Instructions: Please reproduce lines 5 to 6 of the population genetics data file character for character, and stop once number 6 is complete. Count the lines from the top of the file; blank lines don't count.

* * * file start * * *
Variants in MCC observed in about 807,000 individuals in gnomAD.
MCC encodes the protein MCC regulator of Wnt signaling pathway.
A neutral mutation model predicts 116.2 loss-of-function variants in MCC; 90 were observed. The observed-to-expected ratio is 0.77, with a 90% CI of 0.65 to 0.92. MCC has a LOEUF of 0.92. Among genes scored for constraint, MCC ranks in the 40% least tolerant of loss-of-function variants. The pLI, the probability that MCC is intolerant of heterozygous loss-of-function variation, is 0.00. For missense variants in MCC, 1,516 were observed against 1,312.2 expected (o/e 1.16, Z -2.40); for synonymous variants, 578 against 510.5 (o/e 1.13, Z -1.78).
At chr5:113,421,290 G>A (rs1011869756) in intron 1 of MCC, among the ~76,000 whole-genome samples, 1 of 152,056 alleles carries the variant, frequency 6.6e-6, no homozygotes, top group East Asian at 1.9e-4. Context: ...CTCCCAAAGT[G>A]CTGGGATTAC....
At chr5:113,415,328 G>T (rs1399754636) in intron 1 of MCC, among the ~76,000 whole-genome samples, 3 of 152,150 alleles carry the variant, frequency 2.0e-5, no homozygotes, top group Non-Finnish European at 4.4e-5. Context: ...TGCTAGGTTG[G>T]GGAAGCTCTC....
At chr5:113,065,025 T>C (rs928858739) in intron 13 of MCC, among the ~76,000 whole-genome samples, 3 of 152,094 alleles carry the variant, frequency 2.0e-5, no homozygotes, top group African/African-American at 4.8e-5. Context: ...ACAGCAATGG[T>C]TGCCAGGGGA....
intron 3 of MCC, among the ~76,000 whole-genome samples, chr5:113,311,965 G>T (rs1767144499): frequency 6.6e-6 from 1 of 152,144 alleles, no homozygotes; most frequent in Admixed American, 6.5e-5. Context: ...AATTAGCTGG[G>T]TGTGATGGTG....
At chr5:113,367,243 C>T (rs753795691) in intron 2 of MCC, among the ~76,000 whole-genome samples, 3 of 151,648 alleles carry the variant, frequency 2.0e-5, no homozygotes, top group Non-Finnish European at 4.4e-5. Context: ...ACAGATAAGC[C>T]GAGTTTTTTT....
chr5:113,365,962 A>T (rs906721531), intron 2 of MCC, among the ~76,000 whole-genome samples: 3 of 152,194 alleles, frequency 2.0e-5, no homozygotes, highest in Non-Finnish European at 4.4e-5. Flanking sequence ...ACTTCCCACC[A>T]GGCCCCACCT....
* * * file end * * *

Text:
At chr5:113,415,328 G>T (rs1399754636) in intron 1 of MCC, among the ~76,000 whole-genome samples, 3 of 152,150 alleles carry the variant, frequency 2.0e-5, no homozygotes, top group Non-Finnish European at 4.4e-5. Context: ...TGCTAGGTTG[G>T]GGAAGCTCTC....
At chr5:113,065,025 T>C (rs928858739) in intron 13 of MCC, among the ~76,000 whole-genome samples, 3 of 152,094 alleles carry the variant, frequency 2.0e-5, no homozygotes, top group African/African-American at 4.8e-5. Context: ...ACAGCAATGG[T>C]TGCCAGGGGA....